Why do Squirrels Always Seem to Wait to Cross a Road Until a Car Comes By?


Squirrels: Counterphiles (lovers of fearful situations) or Just Plain Nuts?

It’s a common sight when driving. You’re puttering along, minding your own business when, suddenly,  a squirrel decides that NOW is the best time to cross the road; right in front of you. Why do they do that? Are they out to get us? Is this a Blackadder-style “clever plan” to make a one-by-one attempt to rid the world of its surplus human population? Or maybe this is the squirrel equivalent of “Goodbye, cruel world!”
I was thinking about this question just this morning as one of those furry terrorists jumped out in front of my car. For one brief moment, I wondered if perhaps the little devil had a bet on as to how far I would fly beyond my windshield.  It seems like odd behavior especially because they appear to sit on the side of the road waiting for a vehicle to come by. Are they thrill junkies and just like being able to flirt with on-coming death? That did not seem likely, but what benefit could a squirrel get by such behavior?
Then it occurred to me that the squirrel (and various other small woodland critters) are used to using their terrain to avoid detection by predators. That road they are crossing is a sudden break in the cover of the trees and while crossing they are exposed to foxes and hawks, to name just two. But guess where those predators are not going to be when a car comes whizzing down the road? Right in one! They are not going to be right in front of that car.
When the car comes down the road any self-respecting hawk, owl, fox and so forth is going to do their best not to be there. So, my hypothesis (Look! I know the difference between a theory – which has proof, and a hypothesis – just a nifty idea that might explain something but has not been proven) is that this is learned behavior. I’ve seen some writers try to argue it is a case of evolution in action and maybe it is that too since the squirrels who do not time their crossing correctly are obeying the “Great Lifeguard” when ordered out of the genepool, so they are naturally selecting for faster squirrels with better judgement and maybe some depth perception? But the whole point of crossing at that time is that the car is potentially giving them shelter as they tranverse what is otherwise an entirely open area.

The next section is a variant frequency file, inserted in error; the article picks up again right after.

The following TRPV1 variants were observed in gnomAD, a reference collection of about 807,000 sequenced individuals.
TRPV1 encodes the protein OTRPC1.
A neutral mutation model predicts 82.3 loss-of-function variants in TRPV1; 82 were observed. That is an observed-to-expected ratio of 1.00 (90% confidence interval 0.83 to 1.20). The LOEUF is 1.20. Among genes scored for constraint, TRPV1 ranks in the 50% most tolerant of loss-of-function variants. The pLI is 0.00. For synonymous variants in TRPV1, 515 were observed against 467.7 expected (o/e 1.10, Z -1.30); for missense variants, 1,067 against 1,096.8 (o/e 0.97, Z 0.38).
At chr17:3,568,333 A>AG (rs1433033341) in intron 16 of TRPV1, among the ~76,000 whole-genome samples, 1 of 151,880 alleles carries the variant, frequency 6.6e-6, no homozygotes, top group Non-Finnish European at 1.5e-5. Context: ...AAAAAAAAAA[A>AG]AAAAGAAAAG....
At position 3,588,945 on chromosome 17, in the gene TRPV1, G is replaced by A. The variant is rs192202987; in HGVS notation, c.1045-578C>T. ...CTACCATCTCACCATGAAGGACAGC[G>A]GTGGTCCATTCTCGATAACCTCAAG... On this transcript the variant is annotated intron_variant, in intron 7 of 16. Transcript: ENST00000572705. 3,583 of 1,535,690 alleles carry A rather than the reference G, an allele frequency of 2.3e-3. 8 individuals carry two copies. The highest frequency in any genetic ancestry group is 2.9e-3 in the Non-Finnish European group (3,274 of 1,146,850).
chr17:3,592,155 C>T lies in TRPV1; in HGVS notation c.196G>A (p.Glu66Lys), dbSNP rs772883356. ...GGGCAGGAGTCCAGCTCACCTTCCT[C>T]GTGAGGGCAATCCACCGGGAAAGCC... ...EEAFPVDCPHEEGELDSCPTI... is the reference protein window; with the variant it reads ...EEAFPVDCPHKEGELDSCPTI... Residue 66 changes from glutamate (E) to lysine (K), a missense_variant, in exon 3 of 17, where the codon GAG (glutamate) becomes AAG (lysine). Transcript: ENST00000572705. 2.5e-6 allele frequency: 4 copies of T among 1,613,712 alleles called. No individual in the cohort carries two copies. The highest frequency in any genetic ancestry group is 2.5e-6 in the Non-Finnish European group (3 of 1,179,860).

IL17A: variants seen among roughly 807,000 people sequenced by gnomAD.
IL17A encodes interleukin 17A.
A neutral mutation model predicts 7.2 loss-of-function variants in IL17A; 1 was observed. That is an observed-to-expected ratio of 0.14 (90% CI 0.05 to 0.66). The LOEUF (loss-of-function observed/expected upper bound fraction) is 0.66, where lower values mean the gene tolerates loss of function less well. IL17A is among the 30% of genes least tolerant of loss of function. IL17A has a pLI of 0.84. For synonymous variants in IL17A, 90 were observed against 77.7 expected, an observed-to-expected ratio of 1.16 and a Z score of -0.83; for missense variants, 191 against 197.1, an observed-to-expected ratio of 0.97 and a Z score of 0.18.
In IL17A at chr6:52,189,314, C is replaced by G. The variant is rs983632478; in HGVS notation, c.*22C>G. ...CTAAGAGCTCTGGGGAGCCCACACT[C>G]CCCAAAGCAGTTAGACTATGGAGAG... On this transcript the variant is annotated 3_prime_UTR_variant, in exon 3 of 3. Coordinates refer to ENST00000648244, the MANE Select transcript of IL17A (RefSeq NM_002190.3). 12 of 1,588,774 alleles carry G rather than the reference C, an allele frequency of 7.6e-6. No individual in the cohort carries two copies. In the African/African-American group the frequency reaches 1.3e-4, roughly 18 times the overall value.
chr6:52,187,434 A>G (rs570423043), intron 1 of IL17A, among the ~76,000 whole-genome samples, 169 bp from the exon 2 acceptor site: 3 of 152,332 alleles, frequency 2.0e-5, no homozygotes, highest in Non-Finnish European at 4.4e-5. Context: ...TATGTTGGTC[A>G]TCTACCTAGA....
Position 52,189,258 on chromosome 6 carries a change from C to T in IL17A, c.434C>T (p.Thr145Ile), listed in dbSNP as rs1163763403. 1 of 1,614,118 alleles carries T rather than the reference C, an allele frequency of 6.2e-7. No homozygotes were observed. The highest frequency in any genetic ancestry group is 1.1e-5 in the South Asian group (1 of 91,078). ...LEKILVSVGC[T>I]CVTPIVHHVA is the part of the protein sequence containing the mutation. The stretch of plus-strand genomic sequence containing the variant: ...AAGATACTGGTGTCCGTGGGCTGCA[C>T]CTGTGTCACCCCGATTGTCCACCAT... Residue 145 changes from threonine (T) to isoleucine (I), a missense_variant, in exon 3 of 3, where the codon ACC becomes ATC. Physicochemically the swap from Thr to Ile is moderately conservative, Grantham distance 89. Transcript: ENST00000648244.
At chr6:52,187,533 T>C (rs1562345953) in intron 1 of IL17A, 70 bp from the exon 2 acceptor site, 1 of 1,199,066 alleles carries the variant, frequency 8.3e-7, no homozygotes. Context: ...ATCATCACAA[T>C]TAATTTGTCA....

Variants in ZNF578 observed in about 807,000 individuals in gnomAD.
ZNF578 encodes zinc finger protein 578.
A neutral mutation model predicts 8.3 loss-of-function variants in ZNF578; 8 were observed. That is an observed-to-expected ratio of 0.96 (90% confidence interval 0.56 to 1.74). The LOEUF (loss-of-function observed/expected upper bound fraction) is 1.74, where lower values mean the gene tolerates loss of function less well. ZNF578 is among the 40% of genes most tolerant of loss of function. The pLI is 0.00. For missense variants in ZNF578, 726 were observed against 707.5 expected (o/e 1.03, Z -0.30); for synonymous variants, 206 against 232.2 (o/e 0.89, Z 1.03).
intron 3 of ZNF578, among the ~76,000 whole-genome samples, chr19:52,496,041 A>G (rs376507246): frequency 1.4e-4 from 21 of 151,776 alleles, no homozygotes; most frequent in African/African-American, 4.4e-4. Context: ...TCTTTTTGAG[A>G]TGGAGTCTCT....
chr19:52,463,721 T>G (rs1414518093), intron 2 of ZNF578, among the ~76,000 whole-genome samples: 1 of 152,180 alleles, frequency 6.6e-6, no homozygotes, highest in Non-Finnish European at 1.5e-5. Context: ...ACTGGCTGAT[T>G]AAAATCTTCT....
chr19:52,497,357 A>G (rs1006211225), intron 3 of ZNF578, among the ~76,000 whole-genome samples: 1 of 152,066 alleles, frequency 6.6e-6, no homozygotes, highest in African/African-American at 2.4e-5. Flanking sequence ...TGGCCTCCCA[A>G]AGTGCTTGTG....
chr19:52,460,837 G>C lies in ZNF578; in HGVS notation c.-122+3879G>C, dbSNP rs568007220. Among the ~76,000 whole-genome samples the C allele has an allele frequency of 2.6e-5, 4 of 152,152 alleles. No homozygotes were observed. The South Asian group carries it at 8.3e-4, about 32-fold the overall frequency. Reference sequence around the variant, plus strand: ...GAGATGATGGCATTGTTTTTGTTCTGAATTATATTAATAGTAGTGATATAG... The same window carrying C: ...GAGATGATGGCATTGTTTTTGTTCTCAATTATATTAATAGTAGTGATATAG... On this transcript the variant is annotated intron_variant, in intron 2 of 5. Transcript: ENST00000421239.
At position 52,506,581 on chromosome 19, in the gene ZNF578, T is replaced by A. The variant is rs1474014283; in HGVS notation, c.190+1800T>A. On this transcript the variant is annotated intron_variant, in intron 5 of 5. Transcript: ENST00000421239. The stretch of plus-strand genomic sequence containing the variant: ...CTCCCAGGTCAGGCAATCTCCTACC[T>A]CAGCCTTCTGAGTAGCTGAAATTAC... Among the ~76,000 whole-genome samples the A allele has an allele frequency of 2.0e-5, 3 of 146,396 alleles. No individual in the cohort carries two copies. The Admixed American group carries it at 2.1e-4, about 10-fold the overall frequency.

Now some articles I have read point out that while squirrels have been around for a very long time, we have only had cars a bit over a century and not enough time for squirrels to evolve, but that argues that this behavior is hard-coded into their tiny brains. Yes, it is true that cars are relatively recent, but how did humans travel before they had cars? Well, we had horses and donkeys etc., both for riding and for pulling carriages and wagons. And you know what? Squirrels can dodge them a lot easier than they can an automobile and yet your average hawk is still going to stay out of the way then too, so this possibly learned behavior might well go back  much, much further.
Did squirrels play “chicken” with horse or donkey-drawn carts back in Ancient Rome or Mesopotamia? I can’t say. Sadly, Tacitus did not write a chapter in his Annals about how Caligula complained about silly or arrogant squirrels who would run in front of his horse (or chariot?). I do not recall Herodotus’ description about the squirrels he saw in his travels. Gilgamesh did not fight a fierce and days-long battle with a wild squirrel!
Still. That’s my hypothesis: Squirrels run in front of on-coming cars for the temporary shelter from predators they afford. Of course I still do not have an excuse for why some deer seem to walk in front of cars, and don’t get me started on possums. But why did the squirrel cross the road? Well, obviously to get to the other side and he used a car to get him there.
So, what do you think?
Advertisements
This entry was posted in Commentary, Jonathan Edward Feinstein, Nature, Science and tagged , , . Bookmark the permalink.

Leave a Reply

Fill in your details below or click an icon to log in:

WordPress.com Logo

You are commenting using your WordPress.com account. Log Out / Change )

Twitter picture

You are commenting using your Twitter account. Log Out / Change )

Facebook photo

You are commenting using your Facebook account. Log Out / Change )

Google+ photo

You are commenting using your Google+ account. Log Out / Change )

Connecting to %s